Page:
Pigeon Forge, Tennessee is Running Out of Water

the welcome to pigeon forge sign and douglas lake

Pigeon Forge ran out of water three times last year in 2023 (photos by Alaina O'Neal/TheSmokies.com and shutterstock)

How the tourist town of Pigeon Forge, Tennessee is running out of water and what the city is going to do about it

When you think of infrastructure issues in the Smokies Mountains you think about backed-up traffic clogging the arteries of Gatlinburg, Pigeon Forge and Sevierville. But what if I told you city leaders are facing another challenge that is going to require a very expensive fix? According to multiple reports, three times last year the city of Pigeon Forge ran out of water and had to buy it from Sevierville. Pigeon Forge City leaders are working to address the issue before it becomes more serious. As someone who has lived in the area and reported on water issues for nearly 20 years, I can tell you it’s not time to panic. 

Three times during peak usage last year, Pigeon Forge’s people and businesses were using water more quickly than the city could supply. To meet the demand, the city had to buy water from Sevierville, a costly and temporary solution. With Pigeon Forge, Gatlinburg and Sevierville all growing, there’s no guarantee that in the decades to come Sevierville would be in a position to share. 

Holiday Inn Pigeon Forge
There are 11 new hotels being constructed in Pigeon Forge at the time of this writing in addition to established lodging (photo by Bill Burris/TheSmokies.com)

The worst months for Pigeon Forge’s water supply

Yes. City officials indicate that the busiest weekends in Sevier County push Pigeon Forge’s current water facilities to the limit. The problem isn’t going to go away on its own. The long-term trend in the area points to more growth and more demand 

 “June, it starts getting close, and July is our peak season. So daily, we’re running at capacity. There’s another time in October,” said Kevin McMahan with the City of Pigeon Forge told “WVLT”.

“We have 11 hotels under construction right now just in the city limits. We’re hoping it will last another 25 years. We check trends and growth, but we sure are growing at a fast pace and Sevier County,” Pigeon Forge’s Mark Miller told the television station. 

Douglas Lake
A summer view of Douglas Lake, which is a Pigeon Forge water supply (photo by Irina Moss/shutterstock.com)

How did the shortage occur?

Luckily, the issue isn’t supply, at least not at the ultimate source. Thanks to the TVA there’s plenty of water for communities throughout East Tennessee. The problem is demand and also the infrastructure required for moving the high-quality H2O from Point A to Point B.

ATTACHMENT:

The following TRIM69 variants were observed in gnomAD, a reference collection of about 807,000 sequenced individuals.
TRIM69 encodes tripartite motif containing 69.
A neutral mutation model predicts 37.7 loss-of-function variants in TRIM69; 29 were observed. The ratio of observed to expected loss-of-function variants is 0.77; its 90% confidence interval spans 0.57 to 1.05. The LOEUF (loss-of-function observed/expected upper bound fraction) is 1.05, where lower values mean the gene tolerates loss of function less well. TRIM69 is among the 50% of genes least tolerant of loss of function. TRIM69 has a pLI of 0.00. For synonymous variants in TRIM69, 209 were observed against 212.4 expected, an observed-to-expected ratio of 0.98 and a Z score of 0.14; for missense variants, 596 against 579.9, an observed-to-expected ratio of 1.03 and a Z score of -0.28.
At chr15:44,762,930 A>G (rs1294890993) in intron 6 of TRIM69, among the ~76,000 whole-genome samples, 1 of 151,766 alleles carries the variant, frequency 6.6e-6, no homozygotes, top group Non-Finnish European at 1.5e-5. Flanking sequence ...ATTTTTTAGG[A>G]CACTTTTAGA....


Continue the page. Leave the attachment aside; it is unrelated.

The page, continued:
City leaders told “WVLT” that 7.5 million gallons of water are pumped out of Douglas Lake every day to the Pigeon Forge Water Treatment facility. Pigeon Forge then provides that water to businesses and individuals in its city limits. And also to the City of Gatlinburg and in Sevier County.

When demand is at its peak, that 7.5 million gallons is cutting it too close. And while Sevierville has enough to share in the short term, buying the water from its neighbor isn’t a strong long-term plan.

sign to pigeon forge
Pumping water into the area is doable but will be a very costly endeavor (photo by Alaina O’Neal/TheSmokies.com)

A clear but costly solution

There is a clear and costly solution. Pigeon Forge leaders are in the process of creating a new $50 million pumping station which should allow the city to meet demand for at least the next 25 years or so. The project – which is a co-effort between Sevierville, Pigeon Forge, Gatlinburg and Sevier County – is also receiving support from the state. In 2023, TDEC announced roughly $11 million in grants to address regional drinking water needs. The project will add a raw water line to enhance the current capacity of the raw water system, enabling the region to match growth by improving the reliability and capacity of the regional water system. 

What about the river? The reservoir was built with plenty of capacity for the towns around the lake. This isn’t an Atlanta situation. 

At this time, there’s no need to panic. Pigeon Forge isn’t going to run dry anytime soon. Water, however, may be more costly when it must be purchased from a neighboring utility. As long as the plan to build the new pumping station moves forward on schedule, you’ll be able to drink and shower and more in Pigeon Forge for decades to come. 

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